Then, all through the night, I heard people outside singing and chanting and when I went to the Square, ridiculously early, about half-six, there must have been 10,000 people already there.
And there were Scots everywhere. Dozens of buses had arrived from Glasgow overnight. It was amazing. Eventually around 100,000 marched to the park.
Tom Robinson was headlining and The Clash, who were the hottest band in the country at the time, weren't even on the posters. They only rang us about two weeks before saying they wanted to be part of it.
They were great but we had a tight curfew imposed by the council and they wouldn't stop playing. Eventually, we had to pull the plug on them.
I got this shot of their bass player Paul Simonon, facing the crowd in a classic rock'n'roll pose, from the back of the stage and then almost instantly got thrown off.
It became the most iconic photograph of the day.
Militant Entertainment Tour, West Runton Pavilion, Cromer, Norfolk, 1979
It's a special picture for me and it was a special night, a very strange place. A big shed next to the beach, it felt a long way from London.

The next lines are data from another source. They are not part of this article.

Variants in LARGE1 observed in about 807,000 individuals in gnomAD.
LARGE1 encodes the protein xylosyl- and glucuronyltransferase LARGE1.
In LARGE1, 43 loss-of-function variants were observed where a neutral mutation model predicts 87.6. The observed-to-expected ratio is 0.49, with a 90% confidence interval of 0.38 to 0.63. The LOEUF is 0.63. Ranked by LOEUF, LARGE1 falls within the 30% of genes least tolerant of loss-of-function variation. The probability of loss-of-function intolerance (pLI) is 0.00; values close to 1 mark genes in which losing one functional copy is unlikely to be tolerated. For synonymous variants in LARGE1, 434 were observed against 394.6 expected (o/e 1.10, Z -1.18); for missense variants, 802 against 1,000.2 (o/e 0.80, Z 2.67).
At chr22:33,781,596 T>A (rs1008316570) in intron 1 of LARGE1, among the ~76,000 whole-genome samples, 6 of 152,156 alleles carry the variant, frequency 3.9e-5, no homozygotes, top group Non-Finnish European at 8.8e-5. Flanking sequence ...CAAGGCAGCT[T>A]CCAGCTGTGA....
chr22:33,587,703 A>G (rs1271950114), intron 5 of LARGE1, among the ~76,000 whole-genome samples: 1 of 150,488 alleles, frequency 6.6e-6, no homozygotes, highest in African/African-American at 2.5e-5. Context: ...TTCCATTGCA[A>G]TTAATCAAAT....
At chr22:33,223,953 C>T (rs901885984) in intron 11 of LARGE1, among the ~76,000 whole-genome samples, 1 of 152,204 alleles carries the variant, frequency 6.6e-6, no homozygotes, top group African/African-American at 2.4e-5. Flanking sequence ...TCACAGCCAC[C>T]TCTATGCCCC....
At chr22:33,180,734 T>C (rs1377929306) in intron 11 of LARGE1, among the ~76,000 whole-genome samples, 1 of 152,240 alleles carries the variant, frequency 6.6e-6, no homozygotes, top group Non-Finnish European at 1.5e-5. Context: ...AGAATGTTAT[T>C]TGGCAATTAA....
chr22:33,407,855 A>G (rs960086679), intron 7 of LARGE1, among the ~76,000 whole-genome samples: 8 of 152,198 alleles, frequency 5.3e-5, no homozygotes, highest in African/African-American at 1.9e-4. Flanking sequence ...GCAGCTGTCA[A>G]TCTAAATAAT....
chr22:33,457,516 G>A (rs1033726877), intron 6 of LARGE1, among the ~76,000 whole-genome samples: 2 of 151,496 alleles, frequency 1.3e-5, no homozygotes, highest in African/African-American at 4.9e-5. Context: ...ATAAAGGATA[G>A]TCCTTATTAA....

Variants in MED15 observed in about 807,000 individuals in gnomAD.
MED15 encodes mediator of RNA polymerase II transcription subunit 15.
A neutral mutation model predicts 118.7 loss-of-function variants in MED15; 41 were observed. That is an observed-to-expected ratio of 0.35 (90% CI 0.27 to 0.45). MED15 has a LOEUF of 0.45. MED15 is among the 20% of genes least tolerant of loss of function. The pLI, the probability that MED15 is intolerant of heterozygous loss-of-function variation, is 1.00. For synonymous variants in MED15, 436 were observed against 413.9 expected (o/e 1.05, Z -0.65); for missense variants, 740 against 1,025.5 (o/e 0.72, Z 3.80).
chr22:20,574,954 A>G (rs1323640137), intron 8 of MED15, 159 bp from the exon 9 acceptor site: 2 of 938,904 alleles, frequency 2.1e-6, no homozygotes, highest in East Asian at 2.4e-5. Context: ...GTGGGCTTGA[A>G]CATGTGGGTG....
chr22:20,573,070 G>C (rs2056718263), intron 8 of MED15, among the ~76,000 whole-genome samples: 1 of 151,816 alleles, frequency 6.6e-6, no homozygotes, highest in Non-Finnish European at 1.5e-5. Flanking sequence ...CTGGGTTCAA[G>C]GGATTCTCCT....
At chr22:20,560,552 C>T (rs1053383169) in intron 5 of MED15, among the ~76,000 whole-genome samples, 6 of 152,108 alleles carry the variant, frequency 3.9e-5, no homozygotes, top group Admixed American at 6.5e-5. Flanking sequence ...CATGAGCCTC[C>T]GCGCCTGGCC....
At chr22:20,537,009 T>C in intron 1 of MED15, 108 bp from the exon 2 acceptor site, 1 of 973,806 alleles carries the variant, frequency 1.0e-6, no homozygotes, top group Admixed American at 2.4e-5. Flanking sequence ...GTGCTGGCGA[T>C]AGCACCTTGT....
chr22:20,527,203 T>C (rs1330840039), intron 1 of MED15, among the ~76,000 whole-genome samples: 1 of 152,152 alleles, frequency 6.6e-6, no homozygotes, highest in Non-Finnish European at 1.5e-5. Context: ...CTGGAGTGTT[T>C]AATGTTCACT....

It was a fantastic gig, the Ruts, Gang of Four, and Misty in Roots. Full of energy.
I saw the girl climb onto the stage and thought I need to get that picture. So I clambered over people's heads, finally got onto the stage, for a split second. Next thing I was in the air then on the floor.
I got in at seven o'clock and the 20 minutes waiting for it to develop were the longest ever.
When I saw that I had it, it was a real punch the air moment.
That night in the middle of nowhere, felt like real punk, not Kings Road, Vivienne Westwood punk. That's why Rock Against Racism was important.
People from the centre of London, to the north of Norfolk, to the Highlands of Scotland came together. No one was excluded. If you wanted to be involved, you were.